by Mike Grossman, P. Eng.
Because many decisions made by engineers affect the safety and welfare of the public and environment, they are required to adhere to high ethical standards. In order to follow these high standards, it is important to have a clear understanding of the ethical terms that are common to the profession.
Measuring current practices against previously established “best practices”. In ethical terms, this could be a comparing a current code of ethics to one previously followed.
Code Of Conduct (Ethics)
Used as a guide for future decisions to clarify what is expected and required. For engineering, a common code is to practice at a level at which the individual is competent, to work with honor and integrity, and to make decisions that serve the well-being of the public and the environment.
Conforming to a legal requirement or rule. A practicing professional engineer is in compliance when he or she has completed all of the requirements by the governing body in his or her province or territory and has been granted a professional license.
Also, an individual practices according to the laws that govern the particular activity in which he or she is participating.
Keeping a promise about information disclosure. Many situations may arise where an engineer is in possession of proprietary information.
Confidentiality is important to maintain an individual’s integrity. However, if the person is in possession of knowledge in confidence that an individual or firm is guilty of some unethical or illegal wrong-doing, the individual is under a moral obligation to confront or report the act to the appropriate authority.
Conflict Of Interest
When an individual is in makes judgment calls on behalf of others and has other obligations or interests that might cause interference with a proper decision. In such cases, the individual should either avoid the situation, or openly acknowledge his or her obligations in order to prevent making a decision, or appearing to make a decision, based on personal benefit rather than the good of those for whom he or she is making the decision.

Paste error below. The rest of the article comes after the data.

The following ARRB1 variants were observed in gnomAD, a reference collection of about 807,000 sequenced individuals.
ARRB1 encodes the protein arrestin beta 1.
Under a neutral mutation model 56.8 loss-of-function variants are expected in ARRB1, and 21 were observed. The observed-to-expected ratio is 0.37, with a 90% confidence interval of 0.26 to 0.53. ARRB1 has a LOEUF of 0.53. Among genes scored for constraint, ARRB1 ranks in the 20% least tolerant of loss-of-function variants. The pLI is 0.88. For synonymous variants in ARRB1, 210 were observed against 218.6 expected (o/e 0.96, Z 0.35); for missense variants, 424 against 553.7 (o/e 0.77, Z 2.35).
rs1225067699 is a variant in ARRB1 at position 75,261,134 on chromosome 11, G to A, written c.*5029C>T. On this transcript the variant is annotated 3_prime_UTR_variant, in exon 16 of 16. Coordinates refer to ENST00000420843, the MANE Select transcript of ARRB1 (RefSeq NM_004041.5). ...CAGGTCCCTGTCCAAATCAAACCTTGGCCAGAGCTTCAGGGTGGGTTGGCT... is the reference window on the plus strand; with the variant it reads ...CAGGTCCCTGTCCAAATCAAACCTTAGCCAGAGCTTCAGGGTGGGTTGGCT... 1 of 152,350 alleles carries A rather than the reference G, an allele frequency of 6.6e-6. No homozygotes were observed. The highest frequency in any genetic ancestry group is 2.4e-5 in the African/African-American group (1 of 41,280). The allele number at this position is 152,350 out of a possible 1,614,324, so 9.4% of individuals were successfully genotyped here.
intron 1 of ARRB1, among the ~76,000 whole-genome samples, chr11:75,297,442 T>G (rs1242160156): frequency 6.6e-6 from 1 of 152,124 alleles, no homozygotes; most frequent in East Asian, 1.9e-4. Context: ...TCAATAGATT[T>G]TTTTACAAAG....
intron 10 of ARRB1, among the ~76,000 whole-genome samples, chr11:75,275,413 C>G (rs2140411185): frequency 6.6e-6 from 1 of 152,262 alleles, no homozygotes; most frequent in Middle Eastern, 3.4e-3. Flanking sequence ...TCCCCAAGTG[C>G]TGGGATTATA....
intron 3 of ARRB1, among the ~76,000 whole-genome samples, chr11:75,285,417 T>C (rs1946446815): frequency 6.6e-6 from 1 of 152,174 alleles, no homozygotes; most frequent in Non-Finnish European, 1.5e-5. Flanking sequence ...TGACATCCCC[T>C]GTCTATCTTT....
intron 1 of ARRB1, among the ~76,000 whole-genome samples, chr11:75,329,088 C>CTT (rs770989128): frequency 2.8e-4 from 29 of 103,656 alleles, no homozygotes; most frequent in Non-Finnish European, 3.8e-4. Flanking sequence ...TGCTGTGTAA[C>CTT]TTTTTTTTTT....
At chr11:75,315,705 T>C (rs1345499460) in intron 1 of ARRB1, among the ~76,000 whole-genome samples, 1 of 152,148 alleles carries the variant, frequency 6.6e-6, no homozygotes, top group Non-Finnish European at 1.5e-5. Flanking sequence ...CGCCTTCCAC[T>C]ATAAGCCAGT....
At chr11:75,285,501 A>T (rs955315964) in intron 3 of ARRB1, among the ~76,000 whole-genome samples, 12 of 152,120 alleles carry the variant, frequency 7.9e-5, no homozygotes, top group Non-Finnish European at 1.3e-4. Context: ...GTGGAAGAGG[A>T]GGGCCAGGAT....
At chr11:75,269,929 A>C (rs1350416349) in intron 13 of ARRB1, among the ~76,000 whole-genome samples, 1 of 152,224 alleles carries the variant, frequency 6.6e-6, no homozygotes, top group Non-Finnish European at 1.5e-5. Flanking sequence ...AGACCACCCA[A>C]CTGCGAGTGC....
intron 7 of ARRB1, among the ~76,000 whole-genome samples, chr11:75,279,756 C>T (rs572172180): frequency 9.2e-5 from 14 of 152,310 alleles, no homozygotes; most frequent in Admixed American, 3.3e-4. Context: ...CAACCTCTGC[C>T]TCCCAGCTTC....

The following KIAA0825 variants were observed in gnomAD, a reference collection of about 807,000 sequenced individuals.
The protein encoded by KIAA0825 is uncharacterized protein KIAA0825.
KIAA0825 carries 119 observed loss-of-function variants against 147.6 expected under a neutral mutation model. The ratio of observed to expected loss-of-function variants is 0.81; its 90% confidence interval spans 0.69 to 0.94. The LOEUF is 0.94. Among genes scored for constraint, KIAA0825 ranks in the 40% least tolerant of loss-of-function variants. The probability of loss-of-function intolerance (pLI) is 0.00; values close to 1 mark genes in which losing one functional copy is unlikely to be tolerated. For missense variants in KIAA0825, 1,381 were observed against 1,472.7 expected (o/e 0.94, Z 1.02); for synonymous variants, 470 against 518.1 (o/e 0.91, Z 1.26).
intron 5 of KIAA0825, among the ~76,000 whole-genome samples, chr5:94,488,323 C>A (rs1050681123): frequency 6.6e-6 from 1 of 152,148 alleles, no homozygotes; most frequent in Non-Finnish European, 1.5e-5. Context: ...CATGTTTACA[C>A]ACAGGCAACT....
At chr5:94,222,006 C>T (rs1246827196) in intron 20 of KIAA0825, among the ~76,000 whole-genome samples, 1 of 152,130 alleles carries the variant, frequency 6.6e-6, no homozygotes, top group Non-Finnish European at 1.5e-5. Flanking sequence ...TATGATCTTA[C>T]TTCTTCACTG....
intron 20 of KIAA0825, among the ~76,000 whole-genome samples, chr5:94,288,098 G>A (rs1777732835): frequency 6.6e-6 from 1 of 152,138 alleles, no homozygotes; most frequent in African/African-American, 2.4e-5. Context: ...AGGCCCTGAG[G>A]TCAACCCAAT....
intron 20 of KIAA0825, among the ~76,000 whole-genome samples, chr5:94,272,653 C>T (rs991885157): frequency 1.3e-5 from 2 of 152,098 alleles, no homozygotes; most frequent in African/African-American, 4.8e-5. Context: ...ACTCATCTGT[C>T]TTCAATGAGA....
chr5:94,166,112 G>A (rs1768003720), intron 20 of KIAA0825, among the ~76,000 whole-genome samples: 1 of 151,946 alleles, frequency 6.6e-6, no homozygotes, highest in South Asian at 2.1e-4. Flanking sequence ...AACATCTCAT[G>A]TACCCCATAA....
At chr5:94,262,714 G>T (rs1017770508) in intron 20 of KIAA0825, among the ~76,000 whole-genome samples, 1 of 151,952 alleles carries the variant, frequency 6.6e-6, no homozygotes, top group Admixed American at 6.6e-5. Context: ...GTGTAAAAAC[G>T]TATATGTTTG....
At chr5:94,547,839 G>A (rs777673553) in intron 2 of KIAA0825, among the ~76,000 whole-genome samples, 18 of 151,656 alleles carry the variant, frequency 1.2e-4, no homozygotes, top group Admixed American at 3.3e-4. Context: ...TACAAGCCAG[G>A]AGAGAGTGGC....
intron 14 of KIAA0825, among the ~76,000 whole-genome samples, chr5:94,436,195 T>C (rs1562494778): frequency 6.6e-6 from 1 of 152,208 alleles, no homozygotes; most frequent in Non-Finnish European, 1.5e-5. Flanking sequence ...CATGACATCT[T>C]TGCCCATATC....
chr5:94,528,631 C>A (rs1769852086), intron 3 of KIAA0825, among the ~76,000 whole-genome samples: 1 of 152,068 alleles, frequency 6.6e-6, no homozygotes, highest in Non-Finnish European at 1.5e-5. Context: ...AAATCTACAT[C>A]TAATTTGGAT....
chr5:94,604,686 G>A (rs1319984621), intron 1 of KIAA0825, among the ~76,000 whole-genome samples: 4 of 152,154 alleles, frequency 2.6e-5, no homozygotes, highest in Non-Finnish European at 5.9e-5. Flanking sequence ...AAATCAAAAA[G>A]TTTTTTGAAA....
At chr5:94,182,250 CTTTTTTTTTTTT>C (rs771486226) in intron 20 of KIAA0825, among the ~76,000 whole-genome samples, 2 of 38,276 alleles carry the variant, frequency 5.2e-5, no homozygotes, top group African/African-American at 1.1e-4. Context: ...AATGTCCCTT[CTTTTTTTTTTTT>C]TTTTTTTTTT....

When an individual abuses his or her power for his or her own private benefit.
Using critical judgment to determine what is morally right or wrong. This can be based on personal morals or universally shared morals. In the engineering profession, judgments must be based on a universal code, particularly in cases where the public’s safety is at stake.
A basic understanding of ethics is required of any engineer that wishes to pursue a professional license and is a large portion of the National Professional Practice Exam.
Changing or misrepresenting important information. This could include a small change in data or calculations in the reporting process, or it could be on a larger scale by misrepresenting an individual’s experience or professional credentials.
A person that is found to be practicing with falsified credentials should be reported to the overseeing professional association such as APEGA.
When an individual or group is intentionally dishonest in order to get an unfair advantage. This could occur in the engineering field when someone falsifies past experience in order to win a proposal. This situation is not only unethical and illegal, it puts the public at risk by allowing the individual to practice without sufficient experience to perform his or her duties.
Entering into a situation with good and honest intentions.
In ethical terms, this when there is no clear moral distinction among the options. In such cases, it may be the option that is the “lesser of two evils” that is the best. It may be a decision to protect the public’s health rather than the local ecology.
Failure to exercise proper care in performing an individual’s duties for which he or she has a responsibility. In the engineering field, negligence can have dire consequences. Even a small calculation error can put those involved at risk. An engineer must be adamant and detailed in his or her work in order to prevent errors that could cause harm to others.
The moral obligation that an individual has to use his or her knowledge and experience to benefit society. For an engineer, this is requires that he or she not only practices at the level he or she is competent, but also that he or she practices with honor and integrity. This is in order to uphold the high standards and the reputation of the profession. Most importantly, he or she is obligated to protect public welfare as well as the environment.
A person that witnesses and reports any unethical or illegal behavior by an individual or company, even if the act is considered to be the norm in the particular environment. The individual has a moral obligation to act by confronting and reporting the wrong-doing to the appropriate authorities.
In order to uphold the honor for which the profession is known, an engineer must practice with ethics as a guiding factor in his or her decision-making. An understanding of common ethical terms is necessary to perform to the high standards expected of the profession, which holds honor and integrity in the highest regard.